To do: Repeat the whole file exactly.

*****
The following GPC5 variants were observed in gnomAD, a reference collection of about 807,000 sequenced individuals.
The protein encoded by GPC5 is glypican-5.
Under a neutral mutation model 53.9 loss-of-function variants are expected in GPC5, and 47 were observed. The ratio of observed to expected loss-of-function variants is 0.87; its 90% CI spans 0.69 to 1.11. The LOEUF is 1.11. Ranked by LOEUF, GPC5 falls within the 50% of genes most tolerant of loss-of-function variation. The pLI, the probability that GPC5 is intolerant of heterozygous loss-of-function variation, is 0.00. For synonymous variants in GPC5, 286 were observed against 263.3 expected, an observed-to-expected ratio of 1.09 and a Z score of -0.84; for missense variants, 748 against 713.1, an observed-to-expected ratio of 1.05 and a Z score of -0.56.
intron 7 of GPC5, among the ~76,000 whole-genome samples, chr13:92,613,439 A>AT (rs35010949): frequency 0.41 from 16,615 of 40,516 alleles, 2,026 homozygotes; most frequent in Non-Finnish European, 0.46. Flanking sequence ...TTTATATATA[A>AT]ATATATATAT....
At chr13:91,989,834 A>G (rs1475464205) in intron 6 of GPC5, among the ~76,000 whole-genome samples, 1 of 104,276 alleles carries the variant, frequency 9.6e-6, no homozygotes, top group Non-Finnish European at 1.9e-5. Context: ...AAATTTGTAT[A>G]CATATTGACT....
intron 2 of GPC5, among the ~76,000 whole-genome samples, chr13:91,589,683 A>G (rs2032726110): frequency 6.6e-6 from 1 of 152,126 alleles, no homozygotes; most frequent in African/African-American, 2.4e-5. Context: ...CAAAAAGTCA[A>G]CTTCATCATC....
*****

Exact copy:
The following GPC5 variants were observed in gnomAD, a reference collection of about 807,000 sequenced individuals.
The protein encoded by GPC5 is glypican-5.
Under a neutral mutation model 53.9 loss-of-function variants are expected in GPC5, and 47 were observed. The ratio of observed to expected loss-of-function variants is 0.87; its 90% CI spans 0.69 to 1.11. The LOEUF is 1.11. Ranked by LOEUF, GPC5 falls within the 50% of genes most tolerant of loss-of-function variation. The pLI, the probability that GPC5 is intolerant of heterozygous loss-of-function variation, is 0.00. For synonymous variants in GPC5, 286 were observed against 263.3 expected, an observed-to-expected ratio of 1.09 and a Z score of -0.84; for missense variants, 748 against 713.1, an observed-to-expected ratio of 1.05 and a Z score of -0.56.
intron 7 of GPC5, among the ~76,000 whole-genome samples, chr13:92,613,439 A>AT (rs35010949): frequency 0.41 from 16,615 of 40,516 alleles, 2,026 homozygotes; most frequent in Non-Finnish European, 0.46. Flanking sequence ...TTTATATATA[A>AT]ATATATATAT....
At chr13:91,989,834 A>G (rs1475464205) in intron 6 of GPC5, among the ~76,000 whole-genome samples, 1 of 104,276 alleles carries the variant, frequency 9.6e-6, no homozygotes, top group Non-Finnish European at 1.9e-5. Context: ...AAATTTGTAT[A>G]CATATTGACT....
intron 2 of GPC5, among the ~76,000 whole-genome samples, chr13:91,589,683 A>G (rs2032726110): frequency 6.6e-6 from 1 of 152,126 alleles, no homozygotes; most frequent in African/African-American, 2.4e-5. Context: ...CAAAAAGTCA[A>G]CTTCATCATC....